If You Are A Founder Of A Startup Who Is New To Leading, This Post Is For You
First off, congratulations on being a part of driving one of the most exciting economic booms we may ever see in our lifetime. No region in the world comes close to what we’re experiencing in the Bay Area. Need affordable office space or an all-star Engineer? Good luck!
There are hundreds, if not thousands of incredible companies being built right now. Startups are solving exciting problems, and tackling large challenges in an effort to make people’s lives better. Many of these passionate startups are being founded by young leadership teams. These founders are some of the most brilliant minds in the world building amazing products. It’s common to see many of them in a leadership role for the first time.
Pop Quiz! Why Do Employees Leave Companies (Even Startups)?
Answer: 88% leave for reasons not related to to money or stock. (source: Saratoga Institute)
I was thrown off by that number too.
So what makes up the 88% of why employees leave for greener pastures? Small percentages include things like lack of insurance or a long commute, but the biggest reason why employees leave is related to the relationship they have with his/her immediate manager.
We already know that startups get funded because they have a great team and an awesome product. Once funded, finding talent to execute the next phase of the product tends to prove tough. The situation is compounded if one of your rockstar Engineers leaves for another company. This is a scary, but very realistic outcome, as most mid-to-large sized companies now employ an army of recruiters to poach passive talent.
Determining Your Strengths And Weaknesses As A Leadership Team
There is a huge gap right now in teaching new startup founders the basics of leadership and management. To be clear, I’m not advocating adult supervision. It’s about providing good coaching and framework to create a great environment that challenges and motivates top staff. The ultimate goal is to ship amazing products. This can be done by simply having better leadership which will decrease turnover. Why give your employees a reason to take the 30+ overtures they are receiving each week from recruiters? Sometimes it just takes a bad day as a manager to have your key Engineer in a state of mind to respond back to that recruiter email.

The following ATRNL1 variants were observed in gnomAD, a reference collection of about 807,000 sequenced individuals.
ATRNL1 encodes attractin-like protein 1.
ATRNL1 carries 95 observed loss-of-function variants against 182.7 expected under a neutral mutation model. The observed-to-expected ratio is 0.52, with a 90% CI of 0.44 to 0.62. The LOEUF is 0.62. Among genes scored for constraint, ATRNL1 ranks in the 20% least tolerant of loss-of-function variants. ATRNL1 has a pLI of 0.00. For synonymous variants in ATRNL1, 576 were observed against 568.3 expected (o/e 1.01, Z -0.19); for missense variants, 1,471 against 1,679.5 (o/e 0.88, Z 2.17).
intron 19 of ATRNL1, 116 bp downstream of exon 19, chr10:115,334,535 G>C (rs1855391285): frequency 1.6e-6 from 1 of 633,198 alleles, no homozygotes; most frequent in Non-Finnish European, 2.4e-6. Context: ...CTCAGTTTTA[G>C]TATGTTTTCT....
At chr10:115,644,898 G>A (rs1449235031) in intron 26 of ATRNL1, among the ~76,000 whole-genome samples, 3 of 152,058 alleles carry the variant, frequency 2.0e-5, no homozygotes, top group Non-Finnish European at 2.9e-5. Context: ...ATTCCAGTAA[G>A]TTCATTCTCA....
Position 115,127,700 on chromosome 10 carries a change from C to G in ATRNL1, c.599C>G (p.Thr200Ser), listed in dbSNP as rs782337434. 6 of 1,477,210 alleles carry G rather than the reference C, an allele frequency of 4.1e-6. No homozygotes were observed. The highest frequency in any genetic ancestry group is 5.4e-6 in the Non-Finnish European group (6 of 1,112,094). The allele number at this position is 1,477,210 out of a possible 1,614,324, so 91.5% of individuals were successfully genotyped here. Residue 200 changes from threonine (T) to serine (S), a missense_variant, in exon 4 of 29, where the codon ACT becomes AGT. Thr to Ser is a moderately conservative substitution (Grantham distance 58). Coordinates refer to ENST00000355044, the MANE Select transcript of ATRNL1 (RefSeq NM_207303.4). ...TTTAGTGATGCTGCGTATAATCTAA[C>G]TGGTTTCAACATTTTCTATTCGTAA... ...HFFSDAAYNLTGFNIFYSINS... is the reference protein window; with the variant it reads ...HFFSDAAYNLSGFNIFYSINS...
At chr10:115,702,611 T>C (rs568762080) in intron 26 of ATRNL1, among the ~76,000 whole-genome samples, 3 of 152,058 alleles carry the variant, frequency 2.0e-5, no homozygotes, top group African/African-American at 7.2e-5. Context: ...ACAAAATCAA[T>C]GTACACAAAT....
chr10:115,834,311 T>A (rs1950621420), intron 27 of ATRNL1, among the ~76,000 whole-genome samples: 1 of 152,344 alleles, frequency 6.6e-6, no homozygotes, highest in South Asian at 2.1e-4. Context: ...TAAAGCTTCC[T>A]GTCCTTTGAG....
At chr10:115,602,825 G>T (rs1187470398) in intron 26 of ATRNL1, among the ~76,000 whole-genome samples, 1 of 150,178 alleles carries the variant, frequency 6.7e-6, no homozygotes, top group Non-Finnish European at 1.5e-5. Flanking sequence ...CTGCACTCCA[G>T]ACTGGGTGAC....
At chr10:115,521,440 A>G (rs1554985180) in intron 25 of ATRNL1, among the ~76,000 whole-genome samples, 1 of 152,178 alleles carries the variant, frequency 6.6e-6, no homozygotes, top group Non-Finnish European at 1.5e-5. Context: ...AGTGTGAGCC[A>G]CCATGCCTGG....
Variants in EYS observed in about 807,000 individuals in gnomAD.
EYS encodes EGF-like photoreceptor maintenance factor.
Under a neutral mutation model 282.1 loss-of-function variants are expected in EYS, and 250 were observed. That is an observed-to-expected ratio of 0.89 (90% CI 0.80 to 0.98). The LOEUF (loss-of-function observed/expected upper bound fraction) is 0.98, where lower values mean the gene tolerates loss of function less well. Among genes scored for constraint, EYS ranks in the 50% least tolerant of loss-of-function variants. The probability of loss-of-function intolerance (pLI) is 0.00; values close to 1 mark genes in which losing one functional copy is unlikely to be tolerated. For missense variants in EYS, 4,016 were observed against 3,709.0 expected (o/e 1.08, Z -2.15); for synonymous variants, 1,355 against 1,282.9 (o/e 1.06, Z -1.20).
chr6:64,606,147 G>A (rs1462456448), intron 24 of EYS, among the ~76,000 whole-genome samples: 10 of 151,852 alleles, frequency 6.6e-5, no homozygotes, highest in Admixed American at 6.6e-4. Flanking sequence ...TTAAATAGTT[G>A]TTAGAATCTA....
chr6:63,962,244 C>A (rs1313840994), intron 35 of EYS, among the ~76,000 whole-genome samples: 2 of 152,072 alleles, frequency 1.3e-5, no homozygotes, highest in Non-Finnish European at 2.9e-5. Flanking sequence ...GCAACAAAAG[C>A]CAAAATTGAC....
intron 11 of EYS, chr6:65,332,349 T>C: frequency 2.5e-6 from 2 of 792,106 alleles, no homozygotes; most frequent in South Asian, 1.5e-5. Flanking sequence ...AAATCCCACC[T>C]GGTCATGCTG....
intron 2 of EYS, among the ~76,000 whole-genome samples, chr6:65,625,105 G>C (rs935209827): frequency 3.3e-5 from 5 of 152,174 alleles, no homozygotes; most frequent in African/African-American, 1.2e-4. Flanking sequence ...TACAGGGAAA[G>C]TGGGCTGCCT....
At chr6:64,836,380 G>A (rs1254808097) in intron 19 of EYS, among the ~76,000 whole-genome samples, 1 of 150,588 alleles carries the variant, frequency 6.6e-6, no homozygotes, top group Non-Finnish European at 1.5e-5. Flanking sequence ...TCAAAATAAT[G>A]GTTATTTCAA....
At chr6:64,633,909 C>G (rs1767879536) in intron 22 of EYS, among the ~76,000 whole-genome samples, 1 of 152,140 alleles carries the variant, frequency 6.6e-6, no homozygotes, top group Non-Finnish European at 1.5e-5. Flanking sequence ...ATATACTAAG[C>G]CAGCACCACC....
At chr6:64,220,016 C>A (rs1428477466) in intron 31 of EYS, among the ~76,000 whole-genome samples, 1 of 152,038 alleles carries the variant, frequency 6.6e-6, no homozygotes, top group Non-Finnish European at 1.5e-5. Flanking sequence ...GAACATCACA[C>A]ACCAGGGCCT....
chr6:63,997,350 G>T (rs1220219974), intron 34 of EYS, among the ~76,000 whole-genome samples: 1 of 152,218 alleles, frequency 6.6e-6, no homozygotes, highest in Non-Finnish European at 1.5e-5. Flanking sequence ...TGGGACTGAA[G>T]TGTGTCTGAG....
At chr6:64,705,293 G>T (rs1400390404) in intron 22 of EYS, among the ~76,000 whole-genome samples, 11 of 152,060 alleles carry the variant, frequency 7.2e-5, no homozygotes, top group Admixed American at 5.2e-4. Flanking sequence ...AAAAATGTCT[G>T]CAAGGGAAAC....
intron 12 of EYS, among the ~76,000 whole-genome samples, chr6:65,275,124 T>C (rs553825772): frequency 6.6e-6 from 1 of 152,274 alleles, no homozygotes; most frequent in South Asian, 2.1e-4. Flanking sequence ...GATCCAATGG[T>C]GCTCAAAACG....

Every new manager is going to make mistakes because they are figuring out their style. Just make sure that your startup is investing in building great management and leadership practices, especially if your C-Suite is in leadership roles for the first time.
What Should Founders Do To Take Action?
Can advisors help teach leadership skills? Perhaps, but I recommend selecting advisors who have a deep understanding of the product you are building, or can help with fundraising and key introductions. Founders aren’t always the best people managers, so it’s important to not neglect this missing gap. Making an investment of time and resources in leadership coaching and training for the founding team can pay off. As the team and business grows, so too must the leadership capabilities of those running the company. Get out of your comfort zone, find the right guidance, and push yourself beyond your own expectations!
Brian Samson, SPHR is Founder of HR for Startups, a San Francisco based HR and Recruiting firm that works with startups on issues related to talent acquisition of UX designers and engineers, leadership coaching, and HR compliance. He can be reached at: email@example.com or http://hr-startups.com